|Mr. Schwinn, out on the porch, ready to ride!|
In recent years, when the weather reports convince me (usually in November) that the biking season--for me--is over (I see some doughty folks riding all winter; it doesn't look fun), and when I finally carry the bike to the basement, I have to work hard to silence that annoying voice (my brain's? my bike's?) that insists on saying: You know what? When it's time to go back upstairs next spring, you may be DEAD!
You can't really slap a bike's face. Or insult it right back (Oh, yeah? I might leave you at the curb with the other TRASH!) I mean, you could talk to your bike ... but what if the neighbors heard? (Old Dan's out there talking to himself again, Marge. Sad ...) A friend told me that my favorite English teacher from high school, later, wandered around town talking to people who weren't there. Maybe he had a bike.
But--hauling it back up the stairs each spring! Now, that is Hope!
I always take it to Eddy's in Stow (where we bought it, oh, twenty-five years ago), where they charge me an ever-increasing sum to restore it. I like Eddy's. I remember when it was a much smaller operation, a place where you could buy cheese and fresh bait as well as bikes.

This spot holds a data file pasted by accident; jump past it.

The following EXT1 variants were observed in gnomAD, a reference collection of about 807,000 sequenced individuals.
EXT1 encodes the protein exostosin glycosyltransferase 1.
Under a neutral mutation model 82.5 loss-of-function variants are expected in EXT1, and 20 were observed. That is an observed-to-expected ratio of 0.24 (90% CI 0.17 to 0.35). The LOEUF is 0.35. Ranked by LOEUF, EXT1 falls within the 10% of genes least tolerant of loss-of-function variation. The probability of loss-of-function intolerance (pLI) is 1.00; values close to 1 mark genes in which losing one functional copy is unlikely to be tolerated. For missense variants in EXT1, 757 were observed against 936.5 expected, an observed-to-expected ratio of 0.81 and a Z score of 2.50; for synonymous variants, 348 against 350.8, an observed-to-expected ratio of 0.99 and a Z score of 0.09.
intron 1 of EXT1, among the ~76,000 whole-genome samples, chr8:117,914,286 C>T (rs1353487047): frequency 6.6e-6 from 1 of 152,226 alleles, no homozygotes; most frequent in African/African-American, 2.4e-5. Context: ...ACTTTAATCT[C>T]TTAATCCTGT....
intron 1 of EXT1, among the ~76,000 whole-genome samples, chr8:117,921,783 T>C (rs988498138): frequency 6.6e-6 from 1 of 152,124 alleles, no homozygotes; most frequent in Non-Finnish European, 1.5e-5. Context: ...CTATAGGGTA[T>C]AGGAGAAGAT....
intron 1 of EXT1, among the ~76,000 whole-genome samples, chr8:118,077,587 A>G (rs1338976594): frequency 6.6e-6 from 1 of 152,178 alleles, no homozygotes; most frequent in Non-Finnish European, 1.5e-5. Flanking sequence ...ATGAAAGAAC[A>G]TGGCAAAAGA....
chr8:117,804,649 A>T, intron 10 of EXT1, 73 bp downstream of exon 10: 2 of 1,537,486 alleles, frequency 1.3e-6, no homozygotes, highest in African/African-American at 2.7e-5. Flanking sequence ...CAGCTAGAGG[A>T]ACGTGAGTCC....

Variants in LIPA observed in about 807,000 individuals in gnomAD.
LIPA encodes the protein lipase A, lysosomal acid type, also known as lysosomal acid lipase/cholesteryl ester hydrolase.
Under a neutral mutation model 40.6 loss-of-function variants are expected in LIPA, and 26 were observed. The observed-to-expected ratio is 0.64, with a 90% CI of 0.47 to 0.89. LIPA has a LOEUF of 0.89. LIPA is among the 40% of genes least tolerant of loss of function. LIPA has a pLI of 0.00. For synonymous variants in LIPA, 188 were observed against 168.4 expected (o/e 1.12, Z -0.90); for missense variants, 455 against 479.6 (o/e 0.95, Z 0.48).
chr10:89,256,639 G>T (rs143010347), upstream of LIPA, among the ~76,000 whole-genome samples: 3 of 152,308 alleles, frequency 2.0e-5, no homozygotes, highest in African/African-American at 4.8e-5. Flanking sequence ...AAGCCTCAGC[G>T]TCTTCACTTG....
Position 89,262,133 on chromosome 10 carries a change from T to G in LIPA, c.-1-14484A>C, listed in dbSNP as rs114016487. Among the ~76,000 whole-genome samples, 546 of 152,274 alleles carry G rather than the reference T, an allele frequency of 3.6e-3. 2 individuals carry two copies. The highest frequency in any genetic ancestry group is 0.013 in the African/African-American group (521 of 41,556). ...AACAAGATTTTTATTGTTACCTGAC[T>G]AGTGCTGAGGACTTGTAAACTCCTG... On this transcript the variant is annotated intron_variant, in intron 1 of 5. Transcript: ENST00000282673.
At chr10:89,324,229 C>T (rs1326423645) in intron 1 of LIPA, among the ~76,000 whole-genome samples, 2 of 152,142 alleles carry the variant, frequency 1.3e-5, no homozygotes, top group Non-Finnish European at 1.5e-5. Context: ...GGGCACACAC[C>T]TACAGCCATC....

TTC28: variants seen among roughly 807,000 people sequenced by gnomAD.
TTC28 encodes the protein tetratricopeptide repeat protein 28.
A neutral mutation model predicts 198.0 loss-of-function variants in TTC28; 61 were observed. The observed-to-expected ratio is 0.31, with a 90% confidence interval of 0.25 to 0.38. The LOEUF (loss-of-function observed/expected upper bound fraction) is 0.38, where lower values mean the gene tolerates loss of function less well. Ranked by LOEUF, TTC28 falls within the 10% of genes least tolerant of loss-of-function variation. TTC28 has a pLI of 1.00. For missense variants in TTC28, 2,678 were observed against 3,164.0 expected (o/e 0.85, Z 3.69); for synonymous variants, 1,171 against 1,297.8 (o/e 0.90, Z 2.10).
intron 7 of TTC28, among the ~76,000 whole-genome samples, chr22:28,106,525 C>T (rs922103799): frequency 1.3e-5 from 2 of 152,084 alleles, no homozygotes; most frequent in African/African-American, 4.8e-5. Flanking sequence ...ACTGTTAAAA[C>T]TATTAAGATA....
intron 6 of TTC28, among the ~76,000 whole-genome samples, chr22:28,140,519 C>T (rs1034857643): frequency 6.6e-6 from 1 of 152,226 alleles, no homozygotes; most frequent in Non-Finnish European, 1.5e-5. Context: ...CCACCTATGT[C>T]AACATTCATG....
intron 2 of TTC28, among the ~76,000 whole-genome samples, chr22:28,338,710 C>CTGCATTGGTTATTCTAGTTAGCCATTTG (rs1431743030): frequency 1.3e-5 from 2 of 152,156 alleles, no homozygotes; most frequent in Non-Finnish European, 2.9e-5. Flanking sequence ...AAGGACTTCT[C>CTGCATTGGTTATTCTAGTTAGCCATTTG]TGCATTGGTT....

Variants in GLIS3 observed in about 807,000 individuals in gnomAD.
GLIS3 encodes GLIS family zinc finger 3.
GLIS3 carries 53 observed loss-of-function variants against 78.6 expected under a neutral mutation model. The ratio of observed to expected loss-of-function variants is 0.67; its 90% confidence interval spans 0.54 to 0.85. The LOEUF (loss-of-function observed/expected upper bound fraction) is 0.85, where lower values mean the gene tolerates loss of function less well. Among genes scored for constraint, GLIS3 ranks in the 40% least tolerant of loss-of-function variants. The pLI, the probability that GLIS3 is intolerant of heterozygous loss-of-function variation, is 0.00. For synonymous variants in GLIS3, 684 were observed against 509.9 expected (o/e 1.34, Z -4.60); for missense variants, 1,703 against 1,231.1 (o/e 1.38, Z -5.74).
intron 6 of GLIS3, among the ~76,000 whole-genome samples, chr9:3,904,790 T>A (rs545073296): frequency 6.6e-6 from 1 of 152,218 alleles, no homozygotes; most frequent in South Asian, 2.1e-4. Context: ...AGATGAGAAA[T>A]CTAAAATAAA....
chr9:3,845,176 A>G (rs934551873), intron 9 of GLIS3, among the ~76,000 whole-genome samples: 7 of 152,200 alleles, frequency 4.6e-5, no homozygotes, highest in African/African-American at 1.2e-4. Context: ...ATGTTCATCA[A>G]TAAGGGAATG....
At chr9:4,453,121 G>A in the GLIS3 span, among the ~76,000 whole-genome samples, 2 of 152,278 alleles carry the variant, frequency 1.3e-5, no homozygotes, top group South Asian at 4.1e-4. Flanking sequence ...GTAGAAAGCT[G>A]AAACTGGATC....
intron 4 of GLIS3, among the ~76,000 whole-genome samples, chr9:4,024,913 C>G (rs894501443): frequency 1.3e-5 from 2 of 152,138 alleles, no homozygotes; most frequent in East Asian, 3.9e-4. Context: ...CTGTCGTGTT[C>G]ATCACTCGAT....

But this time, the service tech looked at me and said, Seen better days ... I wasn't really sure if he was talking about the bike, or me, so I assumed the former. I said, Well, I'm not riding any Tour de France. Chortle, chortle. (No reaction from focused? tech.) I suppose we can replace ... he said, naming parts I'd never heard of. Sure. Whatever.
Eddy's kept the bike a few days. On Tuesday I picked it up and, back home, hopped on right away, riding around the funeral home parking lot (next door--I call it my Stage 2 Retirement Home), checking out the gears, brakes. Everything worked fine. I'd been riding an exercise bike all winter, so I was working pretty fine, too. Not bad for guy on Medicare.
And then yesterday morning--Wednesday, very early, 6-ish--I rode it for the first time this spring (I know--not yet, officially) down to the coffee shop, several blocks away, both bike and I illuminated like a turnpike plaza, smoothly cruised to the front door, expertly stopped, smoothly dismounted, turned off all the lights (it took a while), waited for the doors to open, thinking, for yet another year: I am immortal.
And I think of that gorgeous Richard Wilbur poem ... from 2010 (see link), a poem about a man hopefully feeding birds in the winter's snow--
Betting crust and crumb
That birds will gather, and that
One more spring will come.
Richard Wilbur poem